Cuomo Reopens Probe of AIG's Cassano After U.S. Ends Its Case

New York Attorney General Andrew Cuomo reopened his probe of former American International Group Inc. executive Joseph Cassano after federal authorities closed theirs, according to a person familiar with the matter.

Cuomo’s office held meetings with Cassano’s lawyers and AIG earlier this month, and are expected to meet again, the person said. Cassano, head of AIG’s Financial Products unit until March 2008, made derivative bets on subprime loans that forced AIG into a U.S. bailout.

Cuomo shelved a 2008 investigation of Cassano after federal authorities began probes. Now he wants to make an independent assessment of whether Cassano bears any civil liability for his AIG conduct, the person said.

The Wall Street Journal reported today that Cuomo had a “renewed interest” in Cassano, citing an unidentified person familiar with the matter.

The focus of the U.S. investigations was whether Cassano misrepresented the value of AIG’s portfolio of “super senior” credit-default swaps, which insured bond losses tied to the U.S. housing market. AIG, once the world’s largest insurer, received a $182.3 billion bailout after these bets went bad.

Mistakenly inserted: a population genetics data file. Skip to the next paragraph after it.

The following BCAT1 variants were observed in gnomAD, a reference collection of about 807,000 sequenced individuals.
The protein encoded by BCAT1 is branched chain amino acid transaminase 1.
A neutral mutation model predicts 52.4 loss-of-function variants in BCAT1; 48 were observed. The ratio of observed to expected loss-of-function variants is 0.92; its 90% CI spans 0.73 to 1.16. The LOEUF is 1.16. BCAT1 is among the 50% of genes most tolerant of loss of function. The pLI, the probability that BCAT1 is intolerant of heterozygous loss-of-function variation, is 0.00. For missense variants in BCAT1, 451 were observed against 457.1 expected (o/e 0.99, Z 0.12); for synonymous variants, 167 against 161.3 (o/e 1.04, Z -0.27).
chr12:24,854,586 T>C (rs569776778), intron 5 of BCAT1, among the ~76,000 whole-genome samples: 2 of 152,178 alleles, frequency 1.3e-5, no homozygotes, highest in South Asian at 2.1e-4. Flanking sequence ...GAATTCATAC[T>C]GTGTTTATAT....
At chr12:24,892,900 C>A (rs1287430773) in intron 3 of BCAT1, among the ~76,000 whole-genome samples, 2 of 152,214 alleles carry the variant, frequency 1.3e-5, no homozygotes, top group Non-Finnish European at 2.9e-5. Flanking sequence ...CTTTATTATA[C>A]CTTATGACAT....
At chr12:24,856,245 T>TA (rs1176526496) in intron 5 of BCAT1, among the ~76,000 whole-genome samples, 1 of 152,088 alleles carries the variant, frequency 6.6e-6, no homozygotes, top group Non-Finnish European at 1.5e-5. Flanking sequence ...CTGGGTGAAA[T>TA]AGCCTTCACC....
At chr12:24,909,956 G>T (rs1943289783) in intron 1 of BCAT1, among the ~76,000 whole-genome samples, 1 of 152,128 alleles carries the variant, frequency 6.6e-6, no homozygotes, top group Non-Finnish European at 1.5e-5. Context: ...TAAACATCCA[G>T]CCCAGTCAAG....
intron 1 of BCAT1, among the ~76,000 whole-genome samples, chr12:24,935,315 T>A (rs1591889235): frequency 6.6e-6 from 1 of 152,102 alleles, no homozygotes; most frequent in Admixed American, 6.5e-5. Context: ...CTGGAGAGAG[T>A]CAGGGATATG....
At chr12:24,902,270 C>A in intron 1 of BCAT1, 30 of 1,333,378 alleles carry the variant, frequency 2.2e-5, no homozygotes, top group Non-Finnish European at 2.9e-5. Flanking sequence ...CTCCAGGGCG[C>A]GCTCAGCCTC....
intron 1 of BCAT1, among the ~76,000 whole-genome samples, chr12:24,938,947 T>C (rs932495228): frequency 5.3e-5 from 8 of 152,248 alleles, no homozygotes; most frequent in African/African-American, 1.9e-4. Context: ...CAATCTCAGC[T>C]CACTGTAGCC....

In May, a person familiar with the Justice Department investigation said after a two-year probe, there was insufficient evidence to charge Cassano. In June, Cassano’s lawyers said the SEC also closed its Cassano investigation.

“We think they realized that our client acted in good faith, kept his superiors informed, and was honest with investors,” Cassano’s lawyers, F. Joseph Warin and Jim Walden, of the law firm Gibson, Dunn & Crutcher LLP said in a June 16 statement.

Warin had no immediate comment on the renewed Cuomo investigation. Mark Herr, a spokesman for AIG, declined to comment, as did Richard Bamberger, a spokesman for Cuomo.

On June 30, Cassano defended the credit-default swaps blamed for the firm’s losses, according to remarks submitted to the Financial Crisis Inquiry Commission.

To contact the reporter on this story: Karen Freifeld in New York at kfreifeld@bloomberg.net.

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